Ted Cruz gets even more annoying: Why he wants to make the Internet worse

Awful senator calls net neutrality "Obamacare for the Internet" -- which helps out bad actors like Comcast

By Simon Maloy
Published November 11, 2014 5:15PM (EST)
  (AP/Molly Riley)
(AP/Molly Riley)

President Obama shocked progressives and technology activists yesterday when he unveiled an aggressive plan for tackling the issue of net neutrality. Yes, yes, this is going to be a column about net neutrality but please don’t give up on me – it also features Ted Cruz and Obamacare and an exploration of the many evils wrought by Comcast, and those are all fun things that people on the Internet like to be angry about, so be angry about them with me.

Anyway, if you’re still here and you’re not clear on what net neutrality is, it’s basically a principle that says you are the person who determines the content you access on the Internet. There’s an important discussion to be had about the role Internet providers like Comcast and Verizon play in determining the online content you consume. They are extraordinarily powerful entities who control the infrastructure of the modern economy and are highly motivated to use that influence exclusively for their own benefit. But we can’t really have that conversation, and it’s because of people like Ted Cruz.

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Liberal reporters, tech journalists, healthcare wonks, and basically the entire Internet were quick to point out that Cruz was absurdly wrong on the substance and demonstrated an ignorance of both healthcare and tech policy that is genuinely worrisome given that he’s a member of Congress who actually gets to vote on laws and regulations.

But Cruz doesn’t give a damn about being right or about looking stupid in the eyes of journalists. He cares about riling up Tea Party-types and the conservatives who form his base of support, and there’s no better way to do that than to stimulate the rage centers of their brains by dropping a reference to Obamacare. A subject like net neutrality, steeped as it is in opaque technical jargon, is highly susceptible to this sort of reductive treatment. What he's accomplished here is he's turned the net neutrality argument into a "Barack Obama versus Ted Cruz" argument, and that's how it will be covered by reporters who prefer personality clashes over complicated substance.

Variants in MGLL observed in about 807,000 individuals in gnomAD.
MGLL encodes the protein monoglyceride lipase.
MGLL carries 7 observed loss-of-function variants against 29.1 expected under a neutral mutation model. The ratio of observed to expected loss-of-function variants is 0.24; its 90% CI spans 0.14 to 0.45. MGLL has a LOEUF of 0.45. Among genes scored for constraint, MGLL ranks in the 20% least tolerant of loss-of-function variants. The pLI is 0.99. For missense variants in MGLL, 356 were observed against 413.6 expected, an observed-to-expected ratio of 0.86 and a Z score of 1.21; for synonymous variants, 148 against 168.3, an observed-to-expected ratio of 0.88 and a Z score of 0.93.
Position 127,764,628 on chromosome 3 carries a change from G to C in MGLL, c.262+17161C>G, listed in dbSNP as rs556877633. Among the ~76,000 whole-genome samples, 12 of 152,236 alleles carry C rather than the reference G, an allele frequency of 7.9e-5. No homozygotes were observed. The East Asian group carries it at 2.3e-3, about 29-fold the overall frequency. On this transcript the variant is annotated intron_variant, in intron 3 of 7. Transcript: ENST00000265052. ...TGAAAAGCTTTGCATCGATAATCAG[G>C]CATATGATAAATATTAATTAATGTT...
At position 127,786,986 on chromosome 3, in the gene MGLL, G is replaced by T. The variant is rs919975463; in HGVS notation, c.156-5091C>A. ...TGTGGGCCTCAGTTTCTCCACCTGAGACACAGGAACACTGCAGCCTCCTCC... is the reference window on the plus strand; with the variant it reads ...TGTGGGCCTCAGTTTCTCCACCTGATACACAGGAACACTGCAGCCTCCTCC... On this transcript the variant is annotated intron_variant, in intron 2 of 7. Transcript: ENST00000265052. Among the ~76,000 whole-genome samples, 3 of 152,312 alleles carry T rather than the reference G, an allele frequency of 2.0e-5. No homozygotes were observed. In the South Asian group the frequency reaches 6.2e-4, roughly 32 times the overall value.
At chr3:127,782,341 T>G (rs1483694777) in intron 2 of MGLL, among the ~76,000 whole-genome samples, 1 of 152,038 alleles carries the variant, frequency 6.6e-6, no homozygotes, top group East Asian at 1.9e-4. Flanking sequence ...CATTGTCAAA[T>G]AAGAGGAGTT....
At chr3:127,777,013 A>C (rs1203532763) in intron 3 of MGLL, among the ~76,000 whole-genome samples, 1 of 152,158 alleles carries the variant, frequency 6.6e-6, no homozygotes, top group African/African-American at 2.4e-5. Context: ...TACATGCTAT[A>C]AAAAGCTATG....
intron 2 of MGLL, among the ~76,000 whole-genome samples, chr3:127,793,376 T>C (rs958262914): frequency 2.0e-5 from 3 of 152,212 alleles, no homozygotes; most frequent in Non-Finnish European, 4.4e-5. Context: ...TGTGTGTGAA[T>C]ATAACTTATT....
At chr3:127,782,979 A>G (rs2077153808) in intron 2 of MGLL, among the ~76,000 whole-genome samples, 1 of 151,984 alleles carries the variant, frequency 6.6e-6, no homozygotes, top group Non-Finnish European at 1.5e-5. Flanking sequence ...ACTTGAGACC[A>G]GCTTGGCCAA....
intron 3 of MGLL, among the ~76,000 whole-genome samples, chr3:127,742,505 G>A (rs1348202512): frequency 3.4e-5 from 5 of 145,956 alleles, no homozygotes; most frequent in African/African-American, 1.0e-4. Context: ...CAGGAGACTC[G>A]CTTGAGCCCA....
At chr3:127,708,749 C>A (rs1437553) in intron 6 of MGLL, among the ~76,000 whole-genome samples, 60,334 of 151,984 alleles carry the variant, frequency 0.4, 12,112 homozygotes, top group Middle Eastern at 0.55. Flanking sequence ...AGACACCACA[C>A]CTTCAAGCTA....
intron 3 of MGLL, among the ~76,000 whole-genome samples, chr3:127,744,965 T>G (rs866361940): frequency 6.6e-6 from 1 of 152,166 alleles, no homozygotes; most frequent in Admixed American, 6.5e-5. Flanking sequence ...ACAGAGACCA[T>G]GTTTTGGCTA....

But in a certain sense, Cruz was on-point, albeit unintentionally. Healthcare and Internet service in America do share some common features – specifically, we pay a lot for both, and the product we get in return kinda sucks relative to how much we spend. Head to Europe or Asia and chances are that you’ll be able to purchase faster Internet access for far less money than you’d pay here. Also, Internet connections abroad are getting faster and cheaper, while prices and speeds are pretty much staying the same in the U.S.

The reason for this is that Internet providers in the U.S. enjoy local monopolies and can get away with charging you more for crappier service because, on a town-to-town basis, they’re the only game in town. Internet providers like Comcast and Time Warner Cable are wildly successful companies, but they consistently get terrible customer service ratings because they don’t really have to worry about their customers switching to another provider. The notion of robust broadband Internet competition in the U.S. is a joke, and now that Comcast and Time Warner are trying to convince regulators to allow them to merge, Internet providers are signaling that they’ve grown tired of even pretending to compete.